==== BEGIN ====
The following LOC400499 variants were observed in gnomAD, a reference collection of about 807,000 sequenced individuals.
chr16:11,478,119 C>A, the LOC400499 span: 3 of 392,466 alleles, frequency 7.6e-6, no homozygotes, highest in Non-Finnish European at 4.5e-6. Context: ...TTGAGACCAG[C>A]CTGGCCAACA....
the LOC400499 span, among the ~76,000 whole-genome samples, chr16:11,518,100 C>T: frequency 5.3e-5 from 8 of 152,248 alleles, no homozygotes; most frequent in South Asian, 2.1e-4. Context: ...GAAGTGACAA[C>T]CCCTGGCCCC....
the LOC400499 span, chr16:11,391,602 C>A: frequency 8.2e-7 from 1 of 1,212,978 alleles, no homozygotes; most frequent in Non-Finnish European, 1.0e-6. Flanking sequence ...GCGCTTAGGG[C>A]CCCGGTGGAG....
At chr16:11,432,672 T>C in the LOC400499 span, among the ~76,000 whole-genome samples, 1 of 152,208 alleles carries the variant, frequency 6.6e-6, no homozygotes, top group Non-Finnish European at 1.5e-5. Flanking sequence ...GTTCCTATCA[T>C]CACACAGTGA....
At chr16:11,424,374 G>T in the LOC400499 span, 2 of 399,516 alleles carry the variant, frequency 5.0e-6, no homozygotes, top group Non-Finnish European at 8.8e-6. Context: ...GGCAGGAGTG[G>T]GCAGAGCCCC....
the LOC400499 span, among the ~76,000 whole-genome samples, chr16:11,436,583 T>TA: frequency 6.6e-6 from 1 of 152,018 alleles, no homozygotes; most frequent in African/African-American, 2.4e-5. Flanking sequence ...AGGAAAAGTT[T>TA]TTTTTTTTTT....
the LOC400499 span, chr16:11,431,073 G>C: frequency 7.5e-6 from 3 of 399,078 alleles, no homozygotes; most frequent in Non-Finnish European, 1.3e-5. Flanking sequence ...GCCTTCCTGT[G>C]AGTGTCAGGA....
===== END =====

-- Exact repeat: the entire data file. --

The following LOC400499 variants were observed in gnomAD, a reference collection of about 807,000 sequenced individuals.
chr16:11,478,119 C>A, the LOC400499 span: 3 of 392,466 alleles, frequency 7.6e-6, no homozygotes, highest in Non-Finnish European at 4.5e-6. Context: ...TTGAGACCAG[C>A]CTGGCCAACA....
the LOC400499 span, among the ~76,000 whole-genome samples, chr16:11,518,100 C>T: frequency 5.3e-5 from 8 of 152,248 alleles, no homozygotes; most frequent in South Asian, 2.1e-4. Context: ...GAAGTGACAA[C>T]CCCTGGCCCC....
the LOC400499 span, chr16:11,391,602 C>A: frequency 8.2e-7 from 1 of 1,212,978 alleles, no homozygotes; most frequent in Non-Finnish European, 1.0e-6. Flanking sequence ...GCGCTTAGGG[C>A]CCCGGTGGAG....
At chr16:11,432,672 T>C in the LOC400499 span, among the ~76,000 whole-genome samples, 1 of 152,208 alleles carries the variant, frequency 6.6e-6, no homozygotes, top group Non-Finnish European at 1.5e-5. Flanking sequence ...GTTCCTATCA[T>C]CACACAGTGA....
At chr16:11,424,374 G>T in the LOC400499 span, 2 of 399,516 alleles carry the variant, frequency 5.0e-6, no homozygotes, top group Non-Finnish European at 8.8e-6. Context: ...GGCAGGAGTG[G>T]GCAGAGCCCC....
the LOC400499 span, among the ~76,000 whole-genome samples, chr16:11,436,583 T>TA: frequency 6.6e-6 from 1 of 152,018 alleles, no homozygotes; most frequent in African/African-American, 2.4e-5. Flanking sequence ...AGGAAAAGTT[T>TA]TTTTTTTTTT....
the LOC400499 span, chr16:11,431,073 G>C: frequency 7.5e-6 from 3 of 399,078 alleles, no homozygotes; most frequent in Non-Finnish European, 1.3e-5. Flanking sequence ...GCCTTCCTGT[G>C]AGTGTCAGGA....